Fast Fashion Meets Sustainability?

Kourtney Kardashian Barker’s NYFW runway debut

As of late, the fast-fashion retailer Boohoo has made quite a storm amongst the masses. The UK-based brand, privy to partnerships with influencers and past Love Island contestants, has unveiled its latest endeavor: a sustainability collection with Kourtney Kardashian Barker.

Boohoo and Kardashian Barker spoke to Womens’ Wear Daily for an exclusive. The reality TV star was eager to craft a collection with sustainability at the forefront; it presented an opportunity to discuss the ways in which fast fashion negatively affects the planet and what measures could be done to change the narrative. Boohoo co-founder Carol Kane stated, “When we spoke to the experts from across the industry, everyone said education was the key, and we could all see this was quite a unique opportunity to speak directly to millions of people across the globe and deliver something we don’t believe has been done before.”

Following Kane’s sentiment the brand is attempting to deliver. In addition to the line, viewers are encouraged to learn more by watching the four-part series detailing the entire project. From inception to production to its online debut Boohoo and Kardashian have seemingly put together a cohesive line.

But that couldn’t be further from the truth.

Behind the Influencer

In episode one we’re introduced to the eldest Kardashian who stands at the forefront as the company’s sustainability ambassador. But do we need an introduction? Whether you’re a part of her 196 million followers or not you already know her. Her name is often in headlines or trending on Twitter for her extravagant, outlandish habits and their negative environmental impacts.

A recent report released by the Los Angeles Times detailed the excessive water usage amid California’s ongoing drought with Kardashian Barker being one of the worst offenders among several other celebrities. Her lifestyle – which is full of private jets and yachts releasing carbon dioxide emissions – fails to align her with a sustainability title.

The series continues and leaves little to be desired. Through aesthetic light leaks the camera zooms in on product sketches and we see the Boohoo team in action. Kardashian Barker gets candid, explaining she doesn’t know everything or even has all the answers, but continues to say how she hopes to use her platform to “get people thinking” and reach people with “positive information”. She briefly touches on worker welfare and textile waste yet the weight of the words falls flat when the footage cuts to high fashion models. Despite her best efforts Kardashian stands by a learn-as-you-go mentality with the project and failed to do her research on the brand’s history and infamy within the industry.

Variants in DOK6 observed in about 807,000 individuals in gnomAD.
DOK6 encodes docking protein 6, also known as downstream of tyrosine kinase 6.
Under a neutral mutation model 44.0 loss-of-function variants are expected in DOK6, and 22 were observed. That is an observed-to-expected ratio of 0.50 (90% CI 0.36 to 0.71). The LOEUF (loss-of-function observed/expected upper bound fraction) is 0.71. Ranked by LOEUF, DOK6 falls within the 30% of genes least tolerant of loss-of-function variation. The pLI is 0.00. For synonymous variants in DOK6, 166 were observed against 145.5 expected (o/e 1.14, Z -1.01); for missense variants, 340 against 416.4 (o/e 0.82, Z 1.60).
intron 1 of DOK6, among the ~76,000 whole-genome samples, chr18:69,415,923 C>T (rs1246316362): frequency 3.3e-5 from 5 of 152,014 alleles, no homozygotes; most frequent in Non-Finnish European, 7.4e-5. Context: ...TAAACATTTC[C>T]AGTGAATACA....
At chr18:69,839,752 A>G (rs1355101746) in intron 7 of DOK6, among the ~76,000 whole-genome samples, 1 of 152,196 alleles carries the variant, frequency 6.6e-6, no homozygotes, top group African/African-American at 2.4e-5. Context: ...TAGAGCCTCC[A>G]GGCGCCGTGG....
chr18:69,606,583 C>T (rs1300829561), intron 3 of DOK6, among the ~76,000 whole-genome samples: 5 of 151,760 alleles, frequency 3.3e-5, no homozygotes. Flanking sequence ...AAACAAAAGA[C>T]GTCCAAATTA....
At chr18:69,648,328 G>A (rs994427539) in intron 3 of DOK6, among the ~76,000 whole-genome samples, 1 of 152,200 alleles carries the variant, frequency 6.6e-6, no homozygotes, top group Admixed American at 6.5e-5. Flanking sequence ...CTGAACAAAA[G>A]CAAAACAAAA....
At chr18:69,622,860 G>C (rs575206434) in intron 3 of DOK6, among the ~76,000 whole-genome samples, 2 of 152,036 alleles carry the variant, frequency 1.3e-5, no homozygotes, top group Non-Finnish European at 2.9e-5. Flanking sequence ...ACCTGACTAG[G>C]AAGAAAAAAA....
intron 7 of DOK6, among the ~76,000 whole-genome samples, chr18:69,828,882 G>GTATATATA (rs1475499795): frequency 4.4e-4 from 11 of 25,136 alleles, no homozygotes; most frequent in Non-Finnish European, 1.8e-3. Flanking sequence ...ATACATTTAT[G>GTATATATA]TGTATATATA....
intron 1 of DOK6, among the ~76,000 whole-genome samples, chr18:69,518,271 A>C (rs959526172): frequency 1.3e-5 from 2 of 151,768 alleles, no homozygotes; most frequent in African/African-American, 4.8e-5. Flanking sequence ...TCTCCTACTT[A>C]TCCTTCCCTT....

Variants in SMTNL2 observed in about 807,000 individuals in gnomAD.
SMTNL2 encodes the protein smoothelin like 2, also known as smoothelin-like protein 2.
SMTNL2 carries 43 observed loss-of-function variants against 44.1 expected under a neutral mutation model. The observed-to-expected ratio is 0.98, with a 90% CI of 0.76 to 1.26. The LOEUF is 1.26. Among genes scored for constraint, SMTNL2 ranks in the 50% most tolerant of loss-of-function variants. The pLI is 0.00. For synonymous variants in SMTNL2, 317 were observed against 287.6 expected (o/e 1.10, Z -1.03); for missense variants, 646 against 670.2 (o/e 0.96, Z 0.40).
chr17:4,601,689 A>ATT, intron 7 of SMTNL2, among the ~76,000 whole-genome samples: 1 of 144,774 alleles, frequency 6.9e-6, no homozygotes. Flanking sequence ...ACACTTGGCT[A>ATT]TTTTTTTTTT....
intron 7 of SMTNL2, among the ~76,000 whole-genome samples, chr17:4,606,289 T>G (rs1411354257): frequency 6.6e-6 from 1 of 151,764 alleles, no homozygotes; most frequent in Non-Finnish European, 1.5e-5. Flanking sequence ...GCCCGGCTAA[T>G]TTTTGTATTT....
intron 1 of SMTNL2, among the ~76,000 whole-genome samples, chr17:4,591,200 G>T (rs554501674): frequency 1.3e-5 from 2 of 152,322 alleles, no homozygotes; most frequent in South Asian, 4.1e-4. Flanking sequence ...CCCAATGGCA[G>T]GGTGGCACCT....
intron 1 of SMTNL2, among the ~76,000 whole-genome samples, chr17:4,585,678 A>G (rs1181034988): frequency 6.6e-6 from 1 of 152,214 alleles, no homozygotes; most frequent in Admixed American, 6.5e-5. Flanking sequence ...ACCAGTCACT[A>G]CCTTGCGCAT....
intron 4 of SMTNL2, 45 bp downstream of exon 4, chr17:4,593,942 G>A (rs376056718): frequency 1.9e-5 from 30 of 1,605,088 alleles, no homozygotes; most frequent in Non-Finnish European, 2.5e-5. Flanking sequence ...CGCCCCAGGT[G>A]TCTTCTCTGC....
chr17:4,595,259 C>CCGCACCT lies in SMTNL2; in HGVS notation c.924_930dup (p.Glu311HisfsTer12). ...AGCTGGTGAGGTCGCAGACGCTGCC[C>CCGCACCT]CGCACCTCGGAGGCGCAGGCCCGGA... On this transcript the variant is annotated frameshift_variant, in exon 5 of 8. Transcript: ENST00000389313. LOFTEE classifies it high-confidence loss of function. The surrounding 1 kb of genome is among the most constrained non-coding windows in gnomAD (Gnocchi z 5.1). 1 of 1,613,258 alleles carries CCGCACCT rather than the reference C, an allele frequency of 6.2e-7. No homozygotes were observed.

Bad for Business

A simple search reveals the unfortunate ordeal; for years Boohoo’s Leichester, England factories have been putting its workers at risk. A joint report from rights groups Behind the Label, Share Action, and Labour Behind the Label brought forth that the company was operating under illegal practices of unsafe working conditions, irregular work hours, and forced overtime. Housed in a small, dilapidated warehouse, workers were subjected to job insecurity, remaining fearful of those overseeing the operations.

Its difficult to move on from a legacy of 60-hour work weeks with no benefits or sick pay. Workers, receiving below minimum wage, were expected to manufacture a wealth of synthetic fibers. The use of these materials is active; Boohoo prides itself on utilizing recycled polyester in its collection. Each label indicates virgin fibers and reused materials – elastane, polyurethane, and polyamide all of which are non-degradable. And there’s no end in sight. The Boohoo x Kardashian collaboration is currently on sale with over 40 pieces with another collection on the way. Consumer demand paired with a high production rate will continue to drive poor labor procedures and polyester in excess.

Similarly to other fast fashion labels, Boohoo has marketed sustainability as a trend rather than a conscious movement for a better world. The promise of ethical practices from the company and Kardashian Barker remains empty; there are no concepts or actions resulting in positive change. A true movement towards sustainability requires transparency, accountability, and less consumption rather than an influx of ribbed textures, cutout details, and printed mesh garments.

-Kennedy Smith


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